Gov. Tom Corbett's budget secretary warned recently about a looming state budget shortfall for 2012.
A warning is one thing. Reality is another.
The administration announced last week that revenue figures for the first half of the year show a shortfall of a half-billion dollars. Overall collections trailed estimates by 4 percent, or $487 million, through December.
As a first measure, Corbett's office has extended a pay freeze for thousands of nonunion management employees in the executive branch as well as the governor himself and members of the Cabinet.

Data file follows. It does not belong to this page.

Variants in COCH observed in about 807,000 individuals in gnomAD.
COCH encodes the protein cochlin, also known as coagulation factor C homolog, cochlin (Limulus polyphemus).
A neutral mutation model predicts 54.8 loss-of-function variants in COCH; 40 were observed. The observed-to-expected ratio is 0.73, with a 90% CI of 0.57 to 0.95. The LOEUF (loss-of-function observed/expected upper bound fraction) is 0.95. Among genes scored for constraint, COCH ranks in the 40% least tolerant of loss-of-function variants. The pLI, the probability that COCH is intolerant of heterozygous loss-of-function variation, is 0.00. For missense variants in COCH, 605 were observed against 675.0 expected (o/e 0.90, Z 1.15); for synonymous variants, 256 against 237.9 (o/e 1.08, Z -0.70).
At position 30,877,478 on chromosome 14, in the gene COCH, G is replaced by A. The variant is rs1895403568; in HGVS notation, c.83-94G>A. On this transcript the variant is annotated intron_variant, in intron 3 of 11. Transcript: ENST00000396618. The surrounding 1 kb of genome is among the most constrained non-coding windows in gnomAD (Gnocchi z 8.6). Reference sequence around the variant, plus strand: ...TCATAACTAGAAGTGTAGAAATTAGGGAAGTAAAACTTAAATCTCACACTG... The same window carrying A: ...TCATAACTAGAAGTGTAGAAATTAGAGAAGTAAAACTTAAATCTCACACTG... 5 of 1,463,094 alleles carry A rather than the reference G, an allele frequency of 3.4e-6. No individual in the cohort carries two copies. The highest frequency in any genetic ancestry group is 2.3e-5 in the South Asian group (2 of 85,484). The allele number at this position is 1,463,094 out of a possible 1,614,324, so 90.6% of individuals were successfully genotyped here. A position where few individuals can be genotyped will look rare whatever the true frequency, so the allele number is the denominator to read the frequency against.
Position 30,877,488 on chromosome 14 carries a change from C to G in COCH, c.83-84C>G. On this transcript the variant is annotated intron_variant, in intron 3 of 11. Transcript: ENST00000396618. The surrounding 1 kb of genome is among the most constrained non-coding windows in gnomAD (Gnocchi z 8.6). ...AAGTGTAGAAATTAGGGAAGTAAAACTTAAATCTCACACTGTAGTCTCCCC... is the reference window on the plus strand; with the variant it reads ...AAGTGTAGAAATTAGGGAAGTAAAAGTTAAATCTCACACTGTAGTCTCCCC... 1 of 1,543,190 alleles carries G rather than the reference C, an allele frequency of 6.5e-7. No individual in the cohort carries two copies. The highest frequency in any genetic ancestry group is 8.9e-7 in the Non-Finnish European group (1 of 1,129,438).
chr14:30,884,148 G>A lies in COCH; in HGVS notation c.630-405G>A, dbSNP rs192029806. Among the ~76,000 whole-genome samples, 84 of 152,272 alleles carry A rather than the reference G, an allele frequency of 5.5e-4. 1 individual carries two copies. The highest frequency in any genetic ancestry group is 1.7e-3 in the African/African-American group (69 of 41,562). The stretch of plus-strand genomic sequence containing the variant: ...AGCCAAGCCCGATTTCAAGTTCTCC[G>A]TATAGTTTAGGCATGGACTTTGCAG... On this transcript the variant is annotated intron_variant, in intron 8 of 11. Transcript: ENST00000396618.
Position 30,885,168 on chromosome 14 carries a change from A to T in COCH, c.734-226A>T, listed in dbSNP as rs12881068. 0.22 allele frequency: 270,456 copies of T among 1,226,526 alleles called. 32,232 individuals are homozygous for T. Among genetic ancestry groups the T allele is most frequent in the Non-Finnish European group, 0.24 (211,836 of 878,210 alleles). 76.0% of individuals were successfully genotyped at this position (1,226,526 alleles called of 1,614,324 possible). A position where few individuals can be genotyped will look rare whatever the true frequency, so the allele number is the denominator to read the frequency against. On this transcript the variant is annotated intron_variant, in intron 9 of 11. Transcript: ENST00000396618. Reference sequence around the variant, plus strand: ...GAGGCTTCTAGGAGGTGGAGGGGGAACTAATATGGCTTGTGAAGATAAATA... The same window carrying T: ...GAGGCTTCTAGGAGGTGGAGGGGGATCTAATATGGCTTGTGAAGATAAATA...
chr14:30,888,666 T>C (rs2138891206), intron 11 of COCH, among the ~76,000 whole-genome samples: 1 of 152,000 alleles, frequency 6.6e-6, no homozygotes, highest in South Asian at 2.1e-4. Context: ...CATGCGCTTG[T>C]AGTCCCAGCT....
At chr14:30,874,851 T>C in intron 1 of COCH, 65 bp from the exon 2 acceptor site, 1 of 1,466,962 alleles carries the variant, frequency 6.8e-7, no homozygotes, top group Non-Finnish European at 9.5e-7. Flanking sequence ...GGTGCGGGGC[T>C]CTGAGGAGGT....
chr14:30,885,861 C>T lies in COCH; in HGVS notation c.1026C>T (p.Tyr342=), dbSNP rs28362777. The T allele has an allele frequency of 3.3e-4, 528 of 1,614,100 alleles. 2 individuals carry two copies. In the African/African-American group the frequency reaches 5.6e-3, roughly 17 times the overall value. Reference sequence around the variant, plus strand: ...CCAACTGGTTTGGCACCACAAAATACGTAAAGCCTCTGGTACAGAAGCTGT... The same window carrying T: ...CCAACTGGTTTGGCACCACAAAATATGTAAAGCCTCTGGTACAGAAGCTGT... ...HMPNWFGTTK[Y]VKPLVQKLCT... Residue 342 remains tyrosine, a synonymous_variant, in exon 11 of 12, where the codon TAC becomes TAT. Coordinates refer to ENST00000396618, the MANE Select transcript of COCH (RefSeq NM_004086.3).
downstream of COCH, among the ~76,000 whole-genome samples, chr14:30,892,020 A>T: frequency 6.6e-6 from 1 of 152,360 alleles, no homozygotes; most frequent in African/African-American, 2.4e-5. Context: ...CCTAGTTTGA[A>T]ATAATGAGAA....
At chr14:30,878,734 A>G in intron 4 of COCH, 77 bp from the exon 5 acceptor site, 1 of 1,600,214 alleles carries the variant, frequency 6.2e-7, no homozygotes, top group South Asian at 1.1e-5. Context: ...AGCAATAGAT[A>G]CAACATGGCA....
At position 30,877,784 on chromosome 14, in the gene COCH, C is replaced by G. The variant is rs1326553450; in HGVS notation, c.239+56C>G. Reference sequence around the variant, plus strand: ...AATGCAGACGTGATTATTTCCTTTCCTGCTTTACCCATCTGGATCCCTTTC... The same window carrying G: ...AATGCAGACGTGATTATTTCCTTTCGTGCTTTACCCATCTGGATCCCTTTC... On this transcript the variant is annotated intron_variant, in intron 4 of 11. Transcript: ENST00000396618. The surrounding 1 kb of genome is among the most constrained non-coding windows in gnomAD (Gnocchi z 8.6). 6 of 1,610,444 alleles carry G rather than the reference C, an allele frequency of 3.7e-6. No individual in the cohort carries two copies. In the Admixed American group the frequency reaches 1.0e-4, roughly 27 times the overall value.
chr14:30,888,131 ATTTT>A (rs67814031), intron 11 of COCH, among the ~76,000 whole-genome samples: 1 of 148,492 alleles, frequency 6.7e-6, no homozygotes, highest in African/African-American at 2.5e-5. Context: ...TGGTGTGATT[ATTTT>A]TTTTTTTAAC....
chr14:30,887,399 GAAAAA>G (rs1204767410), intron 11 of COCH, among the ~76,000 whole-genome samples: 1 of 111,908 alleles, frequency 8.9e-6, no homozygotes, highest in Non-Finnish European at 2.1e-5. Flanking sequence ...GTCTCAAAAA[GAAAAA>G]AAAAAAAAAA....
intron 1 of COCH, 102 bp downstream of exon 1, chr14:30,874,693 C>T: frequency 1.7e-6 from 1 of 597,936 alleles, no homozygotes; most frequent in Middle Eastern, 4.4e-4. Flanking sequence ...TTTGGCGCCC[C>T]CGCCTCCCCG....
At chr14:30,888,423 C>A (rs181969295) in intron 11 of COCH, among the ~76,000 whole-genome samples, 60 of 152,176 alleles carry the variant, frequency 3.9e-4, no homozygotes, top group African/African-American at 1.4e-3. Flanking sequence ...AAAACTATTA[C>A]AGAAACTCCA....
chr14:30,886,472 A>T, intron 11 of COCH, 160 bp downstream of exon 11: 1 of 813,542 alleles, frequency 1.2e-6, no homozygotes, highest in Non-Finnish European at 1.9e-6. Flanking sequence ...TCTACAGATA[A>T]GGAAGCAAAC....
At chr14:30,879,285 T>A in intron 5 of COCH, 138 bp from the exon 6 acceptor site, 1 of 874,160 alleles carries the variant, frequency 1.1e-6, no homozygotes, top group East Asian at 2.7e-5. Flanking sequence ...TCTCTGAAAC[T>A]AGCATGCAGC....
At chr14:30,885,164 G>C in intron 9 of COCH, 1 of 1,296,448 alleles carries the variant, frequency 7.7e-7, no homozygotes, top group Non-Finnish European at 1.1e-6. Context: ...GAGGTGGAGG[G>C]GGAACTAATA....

It was unclear if that will create significant savings, but that's not the point.
If the state budget is in trouble, people at the top need to make the first sacrifice. Too often, the first to take the hits are those at the bottom of the food chain.
The bottom line is that the state's fiscal situation was so out of whack from eight years of extensive spending that even the budget cuts in Corbett's first year leave the state with a budget that can't be supported by the revenues it is receiving.
A Corbett spokesman said other initiatives "will be forthcoming."
Let's hope those initiatives work. Many human services agencies that are under state budget influence took pretty huge hits in the current budget. Every effort should be expended to keep that from happening again, no matter the revenue picture.